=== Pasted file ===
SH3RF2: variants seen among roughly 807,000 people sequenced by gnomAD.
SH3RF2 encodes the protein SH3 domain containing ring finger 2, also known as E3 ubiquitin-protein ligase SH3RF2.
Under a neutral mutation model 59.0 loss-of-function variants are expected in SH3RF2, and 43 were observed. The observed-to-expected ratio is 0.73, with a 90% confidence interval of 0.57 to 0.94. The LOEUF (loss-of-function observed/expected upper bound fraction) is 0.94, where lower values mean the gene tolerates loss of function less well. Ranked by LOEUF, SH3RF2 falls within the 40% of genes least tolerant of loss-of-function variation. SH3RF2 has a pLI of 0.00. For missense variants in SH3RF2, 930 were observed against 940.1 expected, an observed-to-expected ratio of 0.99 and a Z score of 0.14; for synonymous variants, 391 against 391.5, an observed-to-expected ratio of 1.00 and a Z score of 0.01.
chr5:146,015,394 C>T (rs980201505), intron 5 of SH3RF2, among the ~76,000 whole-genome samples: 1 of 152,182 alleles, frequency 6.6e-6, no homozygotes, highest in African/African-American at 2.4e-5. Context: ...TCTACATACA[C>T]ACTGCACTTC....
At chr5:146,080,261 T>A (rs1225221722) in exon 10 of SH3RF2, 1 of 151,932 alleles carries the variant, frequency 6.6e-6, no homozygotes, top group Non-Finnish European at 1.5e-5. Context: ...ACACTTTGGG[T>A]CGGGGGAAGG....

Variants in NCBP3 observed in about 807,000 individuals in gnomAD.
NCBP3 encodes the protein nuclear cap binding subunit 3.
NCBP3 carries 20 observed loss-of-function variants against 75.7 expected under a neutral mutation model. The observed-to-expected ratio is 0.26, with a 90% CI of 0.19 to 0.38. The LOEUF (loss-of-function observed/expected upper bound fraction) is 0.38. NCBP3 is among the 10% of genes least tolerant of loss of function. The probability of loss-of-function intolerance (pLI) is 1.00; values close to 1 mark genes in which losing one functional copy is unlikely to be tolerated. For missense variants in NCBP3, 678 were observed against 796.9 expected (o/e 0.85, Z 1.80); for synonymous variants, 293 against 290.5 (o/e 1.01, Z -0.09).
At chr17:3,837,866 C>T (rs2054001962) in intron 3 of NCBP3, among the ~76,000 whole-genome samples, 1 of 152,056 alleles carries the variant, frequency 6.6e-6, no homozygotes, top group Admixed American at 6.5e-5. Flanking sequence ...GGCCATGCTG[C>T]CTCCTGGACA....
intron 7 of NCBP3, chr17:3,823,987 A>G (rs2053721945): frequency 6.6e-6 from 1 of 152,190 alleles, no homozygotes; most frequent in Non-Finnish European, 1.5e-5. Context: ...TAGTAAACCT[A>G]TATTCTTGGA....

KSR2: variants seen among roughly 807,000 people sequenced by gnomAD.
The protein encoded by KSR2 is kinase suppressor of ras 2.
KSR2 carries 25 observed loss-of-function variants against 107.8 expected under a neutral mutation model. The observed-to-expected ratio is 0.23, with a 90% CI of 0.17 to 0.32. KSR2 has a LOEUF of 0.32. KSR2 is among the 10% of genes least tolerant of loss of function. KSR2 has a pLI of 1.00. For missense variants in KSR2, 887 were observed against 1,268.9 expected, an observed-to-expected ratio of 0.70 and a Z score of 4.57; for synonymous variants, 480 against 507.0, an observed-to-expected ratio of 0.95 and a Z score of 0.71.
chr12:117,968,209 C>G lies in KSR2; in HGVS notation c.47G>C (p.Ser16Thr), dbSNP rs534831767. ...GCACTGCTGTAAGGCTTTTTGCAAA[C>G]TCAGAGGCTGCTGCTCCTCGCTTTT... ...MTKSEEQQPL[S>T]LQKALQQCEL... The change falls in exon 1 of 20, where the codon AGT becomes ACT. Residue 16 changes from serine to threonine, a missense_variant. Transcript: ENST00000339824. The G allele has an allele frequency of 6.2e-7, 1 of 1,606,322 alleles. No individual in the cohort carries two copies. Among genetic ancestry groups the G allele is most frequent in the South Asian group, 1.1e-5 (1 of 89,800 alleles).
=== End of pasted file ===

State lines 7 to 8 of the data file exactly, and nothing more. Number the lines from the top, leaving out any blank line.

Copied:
NCBP3 encodes the protein nuclear cap binding subunit 3.
NCBP3 carries 20 observed loss-of-function variants against 75.7 expected under a neutral mutation model. The observed-to-expected ratio is 0.26, with a 90% CI of 0.19 to 0.38. The LOEUF (loss-of-function observed/expected upper bound fraction) is 0.38. NCBP3 is among the 10% of genes least tolerant of loss of function. The probability of loss-of-function intolerance (pLI) is 1.00; values close to 1 mark genes in which losing one functional copy is unlikely to be tolerated. For missense variants in NCBP3, 678 were observed against 796.9 expected (o/e 0.85, Z 1.80); for synonymous variants, 293 against 290.5 (o/e 1.01, Z -0.09).